Free learning resources from arts, cultural and heritage organisations.

Watching the Film

The film’s narrative and content are designed for children aged 5-11 years. It has a high proportion of visual content, making it ideal for younger pupils to engage with the subject matter.

It is suggested that teachers watch the film before showing it to students, and become familiar with the contents of this pack so that they are able to answer any questions.


Full image of a 1933 test match souvenir programme showing English lion and Australian kangaroo.
1933 Cricket Test Match Souvenir Programme

The film is 3 minutes 1 seconds long and includes stopping points with questions which are listed below. These can be used as a starting point for classroom activities or a way of finding out what students already know.


The questions are as follows:


0:34 When do you think this rugby cap would have been worn?

0:47 What do you think its purpose was?

RUGBY CAP: The rugby cap belonged to Henry H. Waller of Brighouse Rangers. He presided over the meeting at the George Hotel, Huddersfield, which became known as The Great Split. It is a ceremonial cap and traditionally, every international player who represents his country receives his cap on this occasion.


The cap design stems from a match played in 1839 by the Rugby School House teams and which was attended by the Dowager, Queen Adelaide. All their players wore red velvet caps with gold tassles. In this particular match, there was a very high number of players i.e. School House (75) versus The Rest (225). The velvet cap became a sign of attainment at Rugby school and was adopted as such by clubs as a symbol of national and international achievement.


0:47 What do you think its purpose was?

RUGBY FOOTBALL: Early football is sometimes referred to as mob football. The game would usually be played between neighbouring towns and villages, involving an unlimited number of players on opposing teams, who would fight to move an inflated pig's bladder by any means possible to markers at each end of a town. Players could pick up and run with the ball and defend their position by kicking or worse. The game was violent, injuries were frequent, and fatalities not unknown. Between 1314 and 1667, football was officially banned in England alone by more than 30 royal and local laws.


This was the game adopted by English public schools, who applied their own rules. At Rugby School, numbers of players were unlimited, and players could handle the ball but not run with it towards goal. Running with the ball was introduced at Rugby sometime between 1820 and 1830. This version of football became known as Rugby football. Other public schools had their own versions, but it was Rugby School rules which became most widespread.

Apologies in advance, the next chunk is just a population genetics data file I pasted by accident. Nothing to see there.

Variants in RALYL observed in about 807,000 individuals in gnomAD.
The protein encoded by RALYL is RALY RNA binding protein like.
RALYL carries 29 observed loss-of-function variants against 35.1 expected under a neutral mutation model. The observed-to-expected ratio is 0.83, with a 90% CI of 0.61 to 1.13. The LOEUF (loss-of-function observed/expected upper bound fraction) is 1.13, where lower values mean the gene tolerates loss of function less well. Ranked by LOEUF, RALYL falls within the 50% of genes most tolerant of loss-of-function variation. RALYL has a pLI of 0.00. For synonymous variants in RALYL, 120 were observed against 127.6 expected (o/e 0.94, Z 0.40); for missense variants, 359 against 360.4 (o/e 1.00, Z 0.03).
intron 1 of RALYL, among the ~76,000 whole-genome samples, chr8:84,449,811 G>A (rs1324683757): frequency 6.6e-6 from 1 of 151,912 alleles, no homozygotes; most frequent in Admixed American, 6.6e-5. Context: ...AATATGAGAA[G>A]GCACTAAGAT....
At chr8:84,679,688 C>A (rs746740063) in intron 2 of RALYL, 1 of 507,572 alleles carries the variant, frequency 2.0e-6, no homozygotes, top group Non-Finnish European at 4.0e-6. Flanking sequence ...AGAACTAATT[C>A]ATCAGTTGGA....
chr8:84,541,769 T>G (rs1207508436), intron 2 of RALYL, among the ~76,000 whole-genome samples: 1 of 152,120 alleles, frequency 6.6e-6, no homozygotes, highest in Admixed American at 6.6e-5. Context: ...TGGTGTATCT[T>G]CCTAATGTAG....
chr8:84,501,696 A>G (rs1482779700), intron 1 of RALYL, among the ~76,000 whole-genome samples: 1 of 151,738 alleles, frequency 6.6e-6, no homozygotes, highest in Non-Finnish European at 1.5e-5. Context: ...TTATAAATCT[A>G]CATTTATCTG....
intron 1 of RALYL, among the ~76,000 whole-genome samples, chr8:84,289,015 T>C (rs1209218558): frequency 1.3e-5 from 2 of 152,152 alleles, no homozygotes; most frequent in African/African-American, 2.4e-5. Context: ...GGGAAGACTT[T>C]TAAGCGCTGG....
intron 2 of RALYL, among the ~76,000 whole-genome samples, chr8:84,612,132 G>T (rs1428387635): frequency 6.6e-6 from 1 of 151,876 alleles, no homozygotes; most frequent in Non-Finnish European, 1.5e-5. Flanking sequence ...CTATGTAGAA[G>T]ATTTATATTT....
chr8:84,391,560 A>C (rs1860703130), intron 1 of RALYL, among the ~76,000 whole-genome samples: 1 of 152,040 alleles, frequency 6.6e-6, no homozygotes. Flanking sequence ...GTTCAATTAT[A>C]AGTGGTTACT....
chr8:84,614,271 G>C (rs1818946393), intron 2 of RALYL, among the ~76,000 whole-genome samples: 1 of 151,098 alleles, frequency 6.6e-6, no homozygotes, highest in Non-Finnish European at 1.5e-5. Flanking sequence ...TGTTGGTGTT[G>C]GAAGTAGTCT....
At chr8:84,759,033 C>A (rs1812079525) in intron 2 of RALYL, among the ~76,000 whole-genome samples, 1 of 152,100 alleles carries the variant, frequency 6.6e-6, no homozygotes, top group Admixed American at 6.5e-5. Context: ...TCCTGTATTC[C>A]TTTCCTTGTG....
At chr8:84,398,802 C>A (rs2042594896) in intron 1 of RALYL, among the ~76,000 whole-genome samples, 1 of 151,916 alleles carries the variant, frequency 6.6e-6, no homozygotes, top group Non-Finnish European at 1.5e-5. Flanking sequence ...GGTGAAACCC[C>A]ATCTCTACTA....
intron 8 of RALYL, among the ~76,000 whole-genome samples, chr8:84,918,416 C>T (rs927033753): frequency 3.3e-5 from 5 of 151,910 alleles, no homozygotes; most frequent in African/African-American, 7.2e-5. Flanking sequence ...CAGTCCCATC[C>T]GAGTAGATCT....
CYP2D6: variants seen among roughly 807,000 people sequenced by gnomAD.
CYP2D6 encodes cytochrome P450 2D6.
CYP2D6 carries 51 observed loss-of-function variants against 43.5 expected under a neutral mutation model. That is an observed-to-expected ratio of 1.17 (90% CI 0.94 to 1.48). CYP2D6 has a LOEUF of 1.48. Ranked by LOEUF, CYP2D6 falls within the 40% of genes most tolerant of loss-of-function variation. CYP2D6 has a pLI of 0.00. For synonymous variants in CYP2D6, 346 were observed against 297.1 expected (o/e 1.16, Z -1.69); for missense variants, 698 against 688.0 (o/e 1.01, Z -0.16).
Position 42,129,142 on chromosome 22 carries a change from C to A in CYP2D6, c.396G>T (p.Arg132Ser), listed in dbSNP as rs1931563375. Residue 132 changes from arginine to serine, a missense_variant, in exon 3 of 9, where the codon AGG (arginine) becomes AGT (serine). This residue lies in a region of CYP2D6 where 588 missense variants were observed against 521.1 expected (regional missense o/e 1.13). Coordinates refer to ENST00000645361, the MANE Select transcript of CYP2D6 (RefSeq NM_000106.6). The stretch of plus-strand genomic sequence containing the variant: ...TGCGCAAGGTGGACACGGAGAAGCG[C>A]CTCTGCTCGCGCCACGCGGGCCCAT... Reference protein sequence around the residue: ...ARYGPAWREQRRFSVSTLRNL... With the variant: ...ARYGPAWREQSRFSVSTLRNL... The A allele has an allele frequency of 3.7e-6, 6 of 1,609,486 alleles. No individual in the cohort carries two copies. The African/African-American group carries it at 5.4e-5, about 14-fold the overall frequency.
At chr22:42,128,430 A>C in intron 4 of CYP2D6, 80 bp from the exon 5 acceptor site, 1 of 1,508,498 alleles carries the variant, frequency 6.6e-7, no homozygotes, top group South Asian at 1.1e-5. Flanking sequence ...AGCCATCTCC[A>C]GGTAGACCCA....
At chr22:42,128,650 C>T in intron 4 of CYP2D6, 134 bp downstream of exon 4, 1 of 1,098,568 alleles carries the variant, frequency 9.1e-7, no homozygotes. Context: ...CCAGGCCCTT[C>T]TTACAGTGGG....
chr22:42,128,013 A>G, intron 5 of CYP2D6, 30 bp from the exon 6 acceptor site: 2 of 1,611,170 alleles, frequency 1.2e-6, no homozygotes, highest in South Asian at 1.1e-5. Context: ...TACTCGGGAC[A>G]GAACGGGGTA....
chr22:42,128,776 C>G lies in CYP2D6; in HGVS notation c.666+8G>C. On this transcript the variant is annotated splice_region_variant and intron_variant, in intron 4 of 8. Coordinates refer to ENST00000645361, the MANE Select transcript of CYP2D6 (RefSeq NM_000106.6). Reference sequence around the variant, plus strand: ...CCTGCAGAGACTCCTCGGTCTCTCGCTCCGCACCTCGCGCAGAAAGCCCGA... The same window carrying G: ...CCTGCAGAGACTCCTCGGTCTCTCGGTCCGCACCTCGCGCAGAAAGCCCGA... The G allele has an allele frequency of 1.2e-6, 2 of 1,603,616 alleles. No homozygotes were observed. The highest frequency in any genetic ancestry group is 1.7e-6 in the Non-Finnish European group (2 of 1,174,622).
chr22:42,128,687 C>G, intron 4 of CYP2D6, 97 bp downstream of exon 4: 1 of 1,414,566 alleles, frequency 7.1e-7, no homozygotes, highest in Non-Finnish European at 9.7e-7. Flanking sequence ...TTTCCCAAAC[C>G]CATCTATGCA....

As the schoolboys left school, they formed clubs and associations to be able to continue playing the game as grown men. These clubs met to agree on a common set of rules.


The clubs which agreed that the ball could be handled, formed a union known as the Rugby Football Union. Some clubs disagreed with being able to handle the ball, and their version of football became known as Association Football.


1:06 Can you find out why I used the words football and rugby to describe the sport?

1:10 What can you discover about the reasons behind the Great Split?

THE GREAT SPLIT: When the sons of wealthy northern industrialists left their public schools and returned to their home towns to take over the business, they took with them an enthusiasm for Rugby Football.


They set up or supported Rugby clubs, and men were allowed to leave the mills and factories early on a Saturday afternoon to play in matches, without deduction of wages. The game was especially popular in Lancashire and Yorkshire and the crowds could be many thousand strong.


Training and diet regimes were introduced, and sometimes monetary inducements were offered to players from other towns to play for a particular team. It was suggested that the Union sanction “broken time payments”, i.e. whereby players who were out of pocket from leaving work early on Saturday afternoon, might be recompensed. The Union refused and northern clubs were accused of professionalism.


A series of meetings did nothing to resolve the matter and in 1895, at a meeting in the George Hotel, 22 northern clubs decided to form the Northern Rugby Union, which became known as Rugby League in 1922. That meeting was presided over by Henry H. Waller and became known as the Great Split.